Q: Off San Francisco’s Ocean Beach, I saw dorsal fins beyond the surfers. After 20 minutes, I saw two bearers of fins breaching the water. What were they? [Claire, San Bruno]
A: Congratulations on being very observant. The animals you saw were most likely harbor porpoises. They are among the smallest of the 78 species of cetaceans (whales, dolphins, and porpoises). They reach six feet in length and weigh about 190 pounds. Gee, about like me. As their name indicates, they’re often found close to shore. Though common, they’re not particularly acrobatic and do not ride the bow waves of ships, so it’s easy to overlook them. I regularly see these small porpoises in the channel of the Golden Gate and about halfway out to the Farallon Islands. The porpoises—found throughout the Northern Hemisphere in cool, temperate waters—are not picky eaters and feed on a large variety of small fish.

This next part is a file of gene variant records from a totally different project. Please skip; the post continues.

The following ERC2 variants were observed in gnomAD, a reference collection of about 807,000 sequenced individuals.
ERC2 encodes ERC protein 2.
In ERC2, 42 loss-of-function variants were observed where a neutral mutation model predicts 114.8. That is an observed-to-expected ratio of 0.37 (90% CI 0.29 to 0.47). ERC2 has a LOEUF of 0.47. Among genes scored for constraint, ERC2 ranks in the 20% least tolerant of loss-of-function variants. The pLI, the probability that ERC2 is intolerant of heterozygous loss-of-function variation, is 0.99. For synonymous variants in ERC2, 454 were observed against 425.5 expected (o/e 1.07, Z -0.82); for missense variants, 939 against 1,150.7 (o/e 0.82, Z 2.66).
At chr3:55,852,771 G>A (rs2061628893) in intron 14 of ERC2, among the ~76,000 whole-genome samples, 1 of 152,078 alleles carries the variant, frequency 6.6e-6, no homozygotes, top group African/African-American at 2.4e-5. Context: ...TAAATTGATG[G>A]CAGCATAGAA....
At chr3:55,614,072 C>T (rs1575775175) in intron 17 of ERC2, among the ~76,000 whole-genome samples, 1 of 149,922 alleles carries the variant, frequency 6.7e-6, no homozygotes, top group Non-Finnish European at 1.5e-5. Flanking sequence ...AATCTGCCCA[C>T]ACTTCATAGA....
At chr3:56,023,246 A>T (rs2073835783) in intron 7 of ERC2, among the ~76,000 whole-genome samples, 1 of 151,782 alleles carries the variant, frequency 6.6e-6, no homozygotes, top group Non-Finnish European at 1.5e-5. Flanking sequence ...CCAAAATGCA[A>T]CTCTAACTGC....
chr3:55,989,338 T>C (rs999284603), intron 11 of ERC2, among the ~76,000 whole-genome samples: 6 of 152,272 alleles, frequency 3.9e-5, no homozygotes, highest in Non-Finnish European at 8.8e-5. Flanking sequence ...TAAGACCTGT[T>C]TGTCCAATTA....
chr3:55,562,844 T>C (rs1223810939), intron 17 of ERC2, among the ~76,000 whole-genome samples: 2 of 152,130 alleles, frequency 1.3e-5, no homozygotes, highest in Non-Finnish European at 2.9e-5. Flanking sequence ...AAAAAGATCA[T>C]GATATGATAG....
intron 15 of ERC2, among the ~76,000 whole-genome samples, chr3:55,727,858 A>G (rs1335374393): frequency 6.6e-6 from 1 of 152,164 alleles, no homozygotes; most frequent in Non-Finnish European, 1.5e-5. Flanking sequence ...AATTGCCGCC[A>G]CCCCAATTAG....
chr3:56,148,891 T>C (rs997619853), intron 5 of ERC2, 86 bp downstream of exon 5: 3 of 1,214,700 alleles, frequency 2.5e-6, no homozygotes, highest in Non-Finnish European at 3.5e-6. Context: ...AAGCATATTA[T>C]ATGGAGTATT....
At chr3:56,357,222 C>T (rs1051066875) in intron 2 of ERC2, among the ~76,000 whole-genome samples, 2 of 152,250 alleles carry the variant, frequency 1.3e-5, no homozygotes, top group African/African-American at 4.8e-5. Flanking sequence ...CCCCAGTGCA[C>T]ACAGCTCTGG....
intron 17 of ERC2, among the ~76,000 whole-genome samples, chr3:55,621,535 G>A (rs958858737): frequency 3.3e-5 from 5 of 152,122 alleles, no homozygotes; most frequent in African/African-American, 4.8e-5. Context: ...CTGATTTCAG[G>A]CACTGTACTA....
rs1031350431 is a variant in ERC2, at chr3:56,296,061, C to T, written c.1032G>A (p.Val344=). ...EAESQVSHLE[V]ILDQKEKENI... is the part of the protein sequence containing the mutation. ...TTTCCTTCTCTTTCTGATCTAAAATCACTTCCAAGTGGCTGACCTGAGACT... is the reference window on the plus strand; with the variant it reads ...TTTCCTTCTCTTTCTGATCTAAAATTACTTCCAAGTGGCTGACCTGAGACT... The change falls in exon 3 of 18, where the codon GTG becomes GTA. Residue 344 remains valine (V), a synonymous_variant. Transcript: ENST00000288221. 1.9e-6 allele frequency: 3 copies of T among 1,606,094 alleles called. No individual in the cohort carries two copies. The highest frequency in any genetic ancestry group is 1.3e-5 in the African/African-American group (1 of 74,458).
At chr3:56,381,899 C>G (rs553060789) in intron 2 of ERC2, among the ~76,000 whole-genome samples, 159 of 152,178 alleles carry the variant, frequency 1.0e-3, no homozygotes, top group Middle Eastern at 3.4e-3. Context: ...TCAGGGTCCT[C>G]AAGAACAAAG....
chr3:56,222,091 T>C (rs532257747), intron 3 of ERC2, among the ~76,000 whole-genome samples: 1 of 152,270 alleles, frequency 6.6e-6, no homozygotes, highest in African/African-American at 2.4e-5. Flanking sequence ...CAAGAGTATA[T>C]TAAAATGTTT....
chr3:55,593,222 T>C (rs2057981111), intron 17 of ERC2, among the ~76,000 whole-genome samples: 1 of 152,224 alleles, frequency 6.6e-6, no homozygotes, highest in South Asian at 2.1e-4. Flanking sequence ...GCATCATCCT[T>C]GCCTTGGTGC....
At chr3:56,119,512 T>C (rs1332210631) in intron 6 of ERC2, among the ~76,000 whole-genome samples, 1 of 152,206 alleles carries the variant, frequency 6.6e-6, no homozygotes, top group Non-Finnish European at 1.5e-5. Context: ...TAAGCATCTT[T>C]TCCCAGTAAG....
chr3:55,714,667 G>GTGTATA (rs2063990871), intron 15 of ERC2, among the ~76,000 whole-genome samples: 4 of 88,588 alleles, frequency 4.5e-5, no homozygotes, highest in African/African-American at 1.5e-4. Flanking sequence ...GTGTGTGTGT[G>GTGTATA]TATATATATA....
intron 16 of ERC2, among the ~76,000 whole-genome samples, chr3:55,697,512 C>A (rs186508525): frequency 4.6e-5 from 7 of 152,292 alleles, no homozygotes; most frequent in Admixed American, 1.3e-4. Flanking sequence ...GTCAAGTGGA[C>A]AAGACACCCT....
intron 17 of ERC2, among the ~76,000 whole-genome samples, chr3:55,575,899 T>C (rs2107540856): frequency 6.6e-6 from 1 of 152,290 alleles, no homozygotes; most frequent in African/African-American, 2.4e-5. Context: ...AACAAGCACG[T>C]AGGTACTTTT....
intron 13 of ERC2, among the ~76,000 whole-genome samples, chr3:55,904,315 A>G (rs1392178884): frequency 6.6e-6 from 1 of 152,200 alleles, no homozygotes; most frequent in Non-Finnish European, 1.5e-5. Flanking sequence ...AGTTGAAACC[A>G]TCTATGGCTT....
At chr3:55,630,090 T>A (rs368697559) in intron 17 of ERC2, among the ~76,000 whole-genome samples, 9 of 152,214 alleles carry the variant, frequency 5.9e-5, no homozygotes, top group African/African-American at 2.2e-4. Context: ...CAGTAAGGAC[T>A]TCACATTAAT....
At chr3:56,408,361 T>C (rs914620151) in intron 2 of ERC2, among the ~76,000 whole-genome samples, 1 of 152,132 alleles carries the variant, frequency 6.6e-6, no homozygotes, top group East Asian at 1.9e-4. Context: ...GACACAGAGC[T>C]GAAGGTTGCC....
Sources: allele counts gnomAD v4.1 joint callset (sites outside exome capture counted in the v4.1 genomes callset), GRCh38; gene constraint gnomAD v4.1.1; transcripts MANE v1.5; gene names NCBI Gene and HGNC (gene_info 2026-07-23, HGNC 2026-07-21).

In the 1980s, an estimated 2,000 harbor porpoises drowned in gill nets along Central California! Fortunately, fishing practices are now better regulated and the population is expected to recover eventually. But harbor porpoises’ habit of frequenting shallow water puts them in close contact with human activities, and their numbers have been decreasing worldwide.
Waters off Central California are also home to Dall porpoises, Pacific white-sided dolphins, northern right whale dolphins, Risso’s dolphins, and (rarely) common dolphins.
Aristotle recognized that dolphins and their kin were air-breathing mammals, not fish. He called them porcine pisces—the pig fish—which became porpoise in English. The Greek philosopher-scientist may have actually been examining a harbor porpoise, which was a common species in the Mediterranean Sea back then. But alas, no more.
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